Archive for February 22, 2014

Still More Things That Aren’t Films, Again

Posted in FILM, literature, Politics, Television with tags , , , , , , , , , , , on February 22, 2014 by dcairns

house-of-cards-trailer

Enjoyed the first season of House of Cards — a box set Christmas gift from our pal Alison. David Fincher is turning into a classicist — he no longer feels compelled to fly his camera through kettle handles, at any rate. Struck by how it is, basically, Richard III done over (already done over for the books and UK TV series), and by how camp Kevin Spacey plays it in his asides to camera. NOT an accident — two-thirds of the way through the series there’s a hint of a male-on-male love affair in his character’s past, so I guess the fey glances have all been plating clues — Francis can be himself when he’s talking to US.

Read the four Grofield novels by Richard Stark, who was Donald Westlake (among others). Grofield is a sometime accomplice to Stark’s main protag anti-hero Parker. The books are The Damsel, The Dame, The Blackbird and Lemons Never Lie. Where Parker is a ruthless professional always motivated by the next score, Grofield is a part-time actor with his own summer stock company who only robs on the side to keep him in production, and he’s more whimsical. In the books he stars in, Stark/Westlake presses him into service as a secret agent, has him turn detective to solve a mystery (a genre Westlake/Stark rarely dabbled in at all), embroils him in a cross-country chase/gauntlet thing, and cobbles together one narrative out of a series of seemingly disconnected elements that keep threatening to come apart altogether, but eventually resolve into a revenge story.

Though quite capable of Parker-like ruthlessness when pressed, Grofield is more whimsical (he’s an actor after all) and prone to a quip. And they’re good quips.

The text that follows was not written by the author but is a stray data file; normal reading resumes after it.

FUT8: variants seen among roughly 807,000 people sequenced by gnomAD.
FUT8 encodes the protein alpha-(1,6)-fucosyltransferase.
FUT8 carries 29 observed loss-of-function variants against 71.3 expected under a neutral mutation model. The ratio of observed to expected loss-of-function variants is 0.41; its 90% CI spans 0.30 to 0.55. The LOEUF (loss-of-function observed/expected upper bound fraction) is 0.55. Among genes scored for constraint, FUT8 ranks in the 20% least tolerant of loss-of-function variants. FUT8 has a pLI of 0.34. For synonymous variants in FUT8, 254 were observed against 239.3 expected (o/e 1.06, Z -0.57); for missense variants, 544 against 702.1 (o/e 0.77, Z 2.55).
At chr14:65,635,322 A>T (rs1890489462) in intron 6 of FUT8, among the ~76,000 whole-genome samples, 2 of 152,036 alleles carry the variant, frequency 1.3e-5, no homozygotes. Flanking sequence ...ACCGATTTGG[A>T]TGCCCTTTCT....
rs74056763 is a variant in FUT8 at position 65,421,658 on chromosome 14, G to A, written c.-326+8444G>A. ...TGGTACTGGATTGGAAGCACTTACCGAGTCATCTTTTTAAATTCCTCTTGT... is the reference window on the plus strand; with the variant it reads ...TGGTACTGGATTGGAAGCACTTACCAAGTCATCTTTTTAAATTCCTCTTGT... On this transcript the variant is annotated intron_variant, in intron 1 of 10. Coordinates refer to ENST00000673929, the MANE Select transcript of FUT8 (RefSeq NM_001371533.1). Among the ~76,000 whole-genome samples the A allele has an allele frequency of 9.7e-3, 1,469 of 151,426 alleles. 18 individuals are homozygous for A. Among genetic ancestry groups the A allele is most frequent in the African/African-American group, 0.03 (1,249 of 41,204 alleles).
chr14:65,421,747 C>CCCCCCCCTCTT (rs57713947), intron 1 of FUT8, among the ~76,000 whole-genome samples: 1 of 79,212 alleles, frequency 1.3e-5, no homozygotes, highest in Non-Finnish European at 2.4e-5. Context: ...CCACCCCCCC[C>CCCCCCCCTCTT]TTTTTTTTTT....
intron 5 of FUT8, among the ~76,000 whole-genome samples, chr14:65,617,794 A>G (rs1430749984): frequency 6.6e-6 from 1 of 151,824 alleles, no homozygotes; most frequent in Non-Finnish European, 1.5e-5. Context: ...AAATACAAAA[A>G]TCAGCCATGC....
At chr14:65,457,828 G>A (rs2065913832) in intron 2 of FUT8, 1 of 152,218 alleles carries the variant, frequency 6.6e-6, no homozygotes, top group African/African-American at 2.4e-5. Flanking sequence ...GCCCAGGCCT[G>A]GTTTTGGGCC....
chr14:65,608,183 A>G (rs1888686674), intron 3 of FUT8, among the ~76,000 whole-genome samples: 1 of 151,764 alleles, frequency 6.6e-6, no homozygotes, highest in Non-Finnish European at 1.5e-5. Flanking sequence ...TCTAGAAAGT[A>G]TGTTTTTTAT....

marlirenfro

Marli Renfro, The Girl.

All this amorality had me in the mood for something with a moral compass. The Girl in Alfred Hitchcock’s Shower may not quite fit, but it does balance fairly extreme psychopathic evil with the ordinary Hollywood business-as-usual kind, detailing true crime stories that intersect with the life of Janet Leigh’s body double from PSYCHO, Playboy model Marli Renfro. It wraps this blog post up nicely too, since it’s written by Robert Graysmith, played by Robert Downey Jnr in David Fincher’s film ZODIAC. “Who wouldn’t want to read a book written by a guy played by Robert Downey Jnr?” I thought, snatching the paperback up in a charity shop.*

Actually, Graysmith’s prose lacks the gozo suavity you’d want from a RD character, being mostly flat journalese with plunges into school essay plain bad and occasional bobs up into wit. He’s also unreliable on film, cobbling together his PSYCHO making-of stuff from a variety of contradictory sources and blithely declaring that most of the shower scene contains seventy-eight pieces of film, seventy takes of two and three seconds and over ninety splices for a sequence that runs only forty-five seconds.” Do the math. Or arithmetic, anyway. “The was no auto-focus in late 1959,” he explains, later, as if auto-focus was a tool commonly used today on professional shoots. That’s why the streets are full of former camera assistants with cardboard signs reading “Will pull focus for food.”

But the damn thing has me snared. I am a true crime sucker.

*In fact, he’s played by Jake Gyllenhaal.

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